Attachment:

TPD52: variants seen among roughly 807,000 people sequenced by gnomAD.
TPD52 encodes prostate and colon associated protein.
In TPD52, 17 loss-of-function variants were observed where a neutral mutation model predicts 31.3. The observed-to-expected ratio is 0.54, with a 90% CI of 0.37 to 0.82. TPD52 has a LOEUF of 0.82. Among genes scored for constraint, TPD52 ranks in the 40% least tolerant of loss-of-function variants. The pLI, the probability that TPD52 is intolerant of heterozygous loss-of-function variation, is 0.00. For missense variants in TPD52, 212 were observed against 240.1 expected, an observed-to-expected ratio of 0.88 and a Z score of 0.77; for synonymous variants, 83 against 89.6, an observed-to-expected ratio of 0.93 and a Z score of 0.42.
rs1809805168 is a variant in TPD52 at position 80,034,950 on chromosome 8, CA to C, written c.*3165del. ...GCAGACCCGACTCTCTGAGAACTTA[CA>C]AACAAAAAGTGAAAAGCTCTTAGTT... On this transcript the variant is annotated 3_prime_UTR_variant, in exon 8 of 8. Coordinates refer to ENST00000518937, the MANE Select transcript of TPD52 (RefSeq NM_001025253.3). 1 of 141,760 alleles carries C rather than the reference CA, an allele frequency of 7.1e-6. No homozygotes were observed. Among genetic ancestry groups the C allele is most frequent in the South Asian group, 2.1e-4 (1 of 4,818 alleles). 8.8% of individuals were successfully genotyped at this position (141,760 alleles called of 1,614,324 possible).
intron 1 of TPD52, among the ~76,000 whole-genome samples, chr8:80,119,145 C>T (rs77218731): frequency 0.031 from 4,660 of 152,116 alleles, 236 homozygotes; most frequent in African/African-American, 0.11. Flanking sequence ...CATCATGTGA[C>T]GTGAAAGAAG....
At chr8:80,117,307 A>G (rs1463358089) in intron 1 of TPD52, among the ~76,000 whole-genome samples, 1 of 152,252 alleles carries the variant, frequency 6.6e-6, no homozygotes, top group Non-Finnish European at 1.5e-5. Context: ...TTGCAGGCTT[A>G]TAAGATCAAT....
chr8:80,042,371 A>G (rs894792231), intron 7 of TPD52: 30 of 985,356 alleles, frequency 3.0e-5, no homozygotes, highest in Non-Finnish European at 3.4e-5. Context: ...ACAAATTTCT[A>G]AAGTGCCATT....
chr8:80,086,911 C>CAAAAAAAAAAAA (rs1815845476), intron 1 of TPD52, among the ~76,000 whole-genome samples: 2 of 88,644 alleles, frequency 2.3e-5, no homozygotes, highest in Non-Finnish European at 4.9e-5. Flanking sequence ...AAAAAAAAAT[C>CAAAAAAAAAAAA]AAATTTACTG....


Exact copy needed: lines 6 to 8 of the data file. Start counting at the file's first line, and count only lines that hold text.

At chr8:80,117,307 A>G (rs1463358089) in intron 1 of TPD52, among the ~76,000 whole-genome samples, 1 of 152,252 alleles carries the variant, frequency 6.6e-6, no homozygotes, top group Non-Finnish European at 1.5e-5. Context: ...TTGCAGGCTT[A>G]TAAGATCAAT....
chr8:80,042,371 A>G (rs894792231), intron 7 of TPD52: 30 of 985,356 alleles, frequency 3.0e-5, no homozygotes, highest in Non-Finnish European at 3.4e-5. Context: ...ACAAATTTCT[A>G]AAGTGCCATT....
chr8:80,086,911 C>CAAAAAAAAAAAA (rs1815845476), intron 1 of TPD52, among the ~76,000 whole-genome samples: 2 of 88,644 alleles, frequency 2.3e-5, no homozygotes, highest in Non-Finnish European at 4.9e-5. Flanking sequence ...AAAAAAAAAT[C>CAAAAAAAAAAAA]AAATTTACTG....